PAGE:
The foundations for digital transformation: smart data and network visibility
Digital transformation is occurring across all industries and is driving the shift from physical to digital assets, underpinned by an information-driven economy where data is the new currency and nearly all aspects of business are rooted in software.
According to Netscout, a provider of application and network performance management products, this is particularly applicable in the telecommunications market due to the sheer amount of network and subscriber data that carrier service providers have access to.
Mobile operators are facing slow business growth, declining revenues and ongoing disruption to core services by over-the-top (OTT) players and new market entrants. Even though these operators have invested in 4G LTE, managing mobile data explosion and network expansion, while also providing a consistent subscriber experience, is proving challenging.
“Part of the problem is that physical infrastructure is already being pushed to its limits in the attempt to meet growing subscriber capacity demands, yet updating or expanding existing architecture to 5G is difficult and costly. A related challenge is the sheer amount of network data that operators now need to process, manage, and otherwise deal with to cater for this growth,” says Netscout director of APAC channels Amit Rao.
“Fortunately, there is a path forward in the form of the broader digital ecosystem and new commercial opportunities. However, this too brings greater expectations from the network and new challenges for operators in reaching the next stage of their digital transformation journeys. A new approach is needed for network design to meet these expectations and create an environment where mobile operators can embrace new business models and truly innovate to deliver new services. This also stands to drive digital transformation efforts but only if network operators approach it correctly.”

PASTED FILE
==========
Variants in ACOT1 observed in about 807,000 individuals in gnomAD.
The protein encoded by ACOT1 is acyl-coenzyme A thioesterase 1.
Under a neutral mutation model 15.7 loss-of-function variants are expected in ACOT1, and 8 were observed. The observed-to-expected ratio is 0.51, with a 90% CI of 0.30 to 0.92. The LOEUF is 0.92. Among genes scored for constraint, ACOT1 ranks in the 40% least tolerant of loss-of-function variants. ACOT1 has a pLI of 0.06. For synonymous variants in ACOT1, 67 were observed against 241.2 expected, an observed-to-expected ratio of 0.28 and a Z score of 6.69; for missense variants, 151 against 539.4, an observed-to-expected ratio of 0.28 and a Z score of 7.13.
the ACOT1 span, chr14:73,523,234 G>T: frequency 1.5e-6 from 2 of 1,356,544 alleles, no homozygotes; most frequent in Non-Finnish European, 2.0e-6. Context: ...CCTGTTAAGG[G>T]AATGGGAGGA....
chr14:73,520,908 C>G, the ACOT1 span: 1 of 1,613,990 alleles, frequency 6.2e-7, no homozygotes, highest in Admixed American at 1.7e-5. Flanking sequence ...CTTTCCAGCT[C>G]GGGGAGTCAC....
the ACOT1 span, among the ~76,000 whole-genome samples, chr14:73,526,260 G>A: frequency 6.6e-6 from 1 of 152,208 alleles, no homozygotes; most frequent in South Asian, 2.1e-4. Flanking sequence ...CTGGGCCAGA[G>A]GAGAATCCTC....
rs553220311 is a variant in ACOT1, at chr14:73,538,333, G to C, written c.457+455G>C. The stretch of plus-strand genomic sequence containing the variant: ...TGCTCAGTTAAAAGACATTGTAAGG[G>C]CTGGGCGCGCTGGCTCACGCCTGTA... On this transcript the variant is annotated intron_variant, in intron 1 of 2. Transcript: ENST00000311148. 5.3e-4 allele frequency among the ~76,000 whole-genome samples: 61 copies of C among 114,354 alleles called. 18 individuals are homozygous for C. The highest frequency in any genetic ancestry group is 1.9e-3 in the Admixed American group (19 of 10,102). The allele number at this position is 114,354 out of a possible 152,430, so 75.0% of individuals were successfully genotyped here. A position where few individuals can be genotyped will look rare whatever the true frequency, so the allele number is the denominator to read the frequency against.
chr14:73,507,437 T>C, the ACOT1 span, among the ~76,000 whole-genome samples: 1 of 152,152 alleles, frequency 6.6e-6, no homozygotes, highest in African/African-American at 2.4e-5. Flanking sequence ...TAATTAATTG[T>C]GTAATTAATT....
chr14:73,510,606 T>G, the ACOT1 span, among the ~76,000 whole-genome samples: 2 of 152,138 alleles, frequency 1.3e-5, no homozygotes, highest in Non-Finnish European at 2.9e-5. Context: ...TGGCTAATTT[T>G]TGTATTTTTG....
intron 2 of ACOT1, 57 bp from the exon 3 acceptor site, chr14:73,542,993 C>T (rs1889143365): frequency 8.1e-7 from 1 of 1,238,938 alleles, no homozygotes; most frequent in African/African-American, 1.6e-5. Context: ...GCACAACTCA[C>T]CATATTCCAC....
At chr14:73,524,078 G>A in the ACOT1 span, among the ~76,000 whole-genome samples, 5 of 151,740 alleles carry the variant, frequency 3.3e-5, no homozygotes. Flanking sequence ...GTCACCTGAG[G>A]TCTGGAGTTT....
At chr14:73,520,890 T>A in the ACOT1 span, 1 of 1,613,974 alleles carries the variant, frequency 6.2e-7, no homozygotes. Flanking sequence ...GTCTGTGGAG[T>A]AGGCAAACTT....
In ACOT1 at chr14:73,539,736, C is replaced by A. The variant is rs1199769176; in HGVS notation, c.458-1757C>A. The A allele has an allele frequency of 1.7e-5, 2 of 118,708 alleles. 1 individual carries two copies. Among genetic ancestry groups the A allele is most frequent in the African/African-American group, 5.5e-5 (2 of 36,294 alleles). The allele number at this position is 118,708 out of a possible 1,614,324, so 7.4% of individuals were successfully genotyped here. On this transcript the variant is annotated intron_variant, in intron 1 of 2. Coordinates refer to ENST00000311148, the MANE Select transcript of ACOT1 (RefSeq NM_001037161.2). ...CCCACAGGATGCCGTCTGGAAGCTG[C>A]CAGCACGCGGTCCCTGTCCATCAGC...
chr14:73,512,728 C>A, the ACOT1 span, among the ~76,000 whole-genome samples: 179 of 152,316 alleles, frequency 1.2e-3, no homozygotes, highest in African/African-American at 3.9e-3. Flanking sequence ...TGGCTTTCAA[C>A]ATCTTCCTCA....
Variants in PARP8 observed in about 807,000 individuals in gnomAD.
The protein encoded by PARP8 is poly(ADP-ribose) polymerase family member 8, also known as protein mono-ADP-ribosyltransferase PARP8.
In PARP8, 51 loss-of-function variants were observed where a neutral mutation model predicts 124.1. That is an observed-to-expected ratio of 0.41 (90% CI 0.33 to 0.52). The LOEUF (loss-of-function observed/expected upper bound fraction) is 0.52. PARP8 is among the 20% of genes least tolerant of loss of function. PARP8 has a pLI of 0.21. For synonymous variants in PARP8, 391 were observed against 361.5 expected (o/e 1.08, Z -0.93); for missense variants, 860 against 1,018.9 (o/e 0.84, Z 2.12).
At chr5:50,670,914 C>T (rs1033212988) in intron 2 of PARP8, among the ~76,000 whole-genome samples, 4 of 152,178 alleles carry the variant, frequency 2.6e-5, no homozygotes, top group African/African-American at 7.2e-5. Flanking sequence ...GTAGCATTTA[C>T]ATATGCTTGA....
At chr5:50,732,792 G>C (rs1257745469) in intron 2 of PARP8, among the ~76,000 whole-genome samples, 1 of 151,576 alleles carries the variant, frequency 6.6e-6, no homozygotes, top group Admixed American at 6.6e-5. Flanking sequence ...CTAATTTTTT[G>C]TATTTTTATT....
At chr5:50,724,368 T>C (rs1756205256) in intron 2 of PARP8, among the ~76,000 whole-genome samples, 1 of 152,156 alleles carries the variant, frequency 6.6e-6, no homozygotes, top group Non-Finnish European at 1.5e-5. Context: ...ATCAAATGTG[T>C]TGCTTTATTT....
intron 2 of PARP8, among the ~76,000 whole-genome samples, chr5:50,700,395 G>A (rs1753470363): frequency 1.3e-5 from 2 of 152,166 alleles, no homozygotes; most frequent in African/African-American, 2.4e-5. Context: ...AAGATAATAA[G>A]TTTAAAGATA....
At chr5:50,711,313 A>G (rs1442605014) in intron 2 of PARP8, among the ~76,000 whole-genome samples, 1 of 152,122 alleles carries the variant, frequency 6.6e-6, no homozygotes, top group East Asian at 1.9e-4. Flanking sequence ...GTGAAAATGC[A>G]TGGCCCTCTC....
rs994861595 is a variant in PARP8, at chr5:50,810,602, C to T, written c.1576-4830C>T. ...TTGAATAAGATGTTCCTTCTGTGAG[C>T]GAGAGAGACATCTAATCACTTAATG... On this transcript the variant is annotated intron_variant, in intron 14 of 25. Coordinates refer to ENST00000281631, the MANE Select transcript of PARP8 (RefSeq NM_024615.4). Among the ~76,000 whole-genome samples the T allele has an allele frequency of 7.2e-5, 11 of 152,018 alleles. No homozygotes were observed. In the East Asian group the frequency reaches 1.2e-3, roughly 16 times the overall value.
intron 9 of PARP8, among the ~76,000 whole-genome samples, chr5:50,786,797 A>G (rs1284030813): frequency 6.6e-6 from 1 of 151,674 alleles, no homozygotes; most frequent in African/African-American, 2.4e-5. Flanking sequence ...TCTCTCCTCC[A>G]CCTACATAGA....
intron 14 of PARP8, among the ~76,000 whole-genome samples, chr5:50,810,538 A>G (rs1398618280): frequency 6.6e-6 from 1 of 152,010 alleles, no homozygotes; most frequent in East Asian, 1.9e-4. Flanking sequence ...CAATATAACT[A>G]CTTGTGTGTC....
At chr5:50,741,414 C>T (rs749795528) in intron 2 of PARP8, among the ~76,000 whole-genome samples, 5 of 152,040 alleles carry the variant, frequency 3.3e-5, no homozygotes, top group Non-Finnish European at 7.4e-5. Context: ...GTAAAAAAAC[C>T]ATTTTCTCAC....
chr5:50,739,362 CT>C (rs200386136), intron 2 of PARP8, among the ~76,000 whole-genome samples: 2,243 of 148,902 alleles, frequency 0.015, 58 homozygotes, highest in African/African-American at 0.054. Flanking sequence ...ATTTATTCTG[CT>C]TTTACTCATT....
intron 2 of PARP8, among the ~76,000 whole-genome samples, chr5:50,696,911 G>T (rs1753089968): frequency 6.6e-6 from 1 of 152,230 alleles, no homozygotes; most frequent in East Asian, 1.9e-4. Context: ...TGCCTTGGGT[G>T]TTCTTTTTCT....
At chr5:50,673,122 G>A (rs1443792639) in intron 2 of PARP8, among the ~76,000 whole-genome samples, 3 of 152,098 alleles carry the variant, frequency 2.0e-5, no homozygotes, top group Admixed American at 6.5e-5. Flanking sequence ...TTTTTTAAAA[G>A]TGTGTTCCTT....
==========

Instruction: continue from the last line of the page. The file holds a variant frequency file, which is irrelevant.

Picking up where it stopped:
Network functions virtualisation (NFV) and software defined networking (SDN) are essential to deploying 5G but have their own set of challenges.
While virtualisation reduces costs and increases capacity, network visibility declines. Network virtualisation means that services and core network functions will be disaggregated across compute resources running on commercial-off-the-shelf (COTS) hardware so as performance increases, the volume of data being create also increases, which means network visibility will be more critical than ever.
“Operators have always relied on network monitoring and troubleshooting tools to identify issues affecting subscribers but it is even more essential within a virtualised environment, particularly if operators are looking to introduce new services. An inability to identify problems on the network and address them before the subscriber is affected can cost them dearly,” says Amit.
Information and data are key to addressing this challenge but simply having access to big data is not enough. Business analytics that rely on a dataset that has not been normalised and correlated in the context of service delivery, operations and business performance, is not effective. The quality of business insight is therefore contingent on having smart data.
“Ultimately, network monitoring and service assurance are the drivers for DX success, providing real-time and historic insights needed to power those decisions for assuring overall service delivery to customers, and ensuring the validity and competitiveness of that operator’s internal business operations,” says Amit.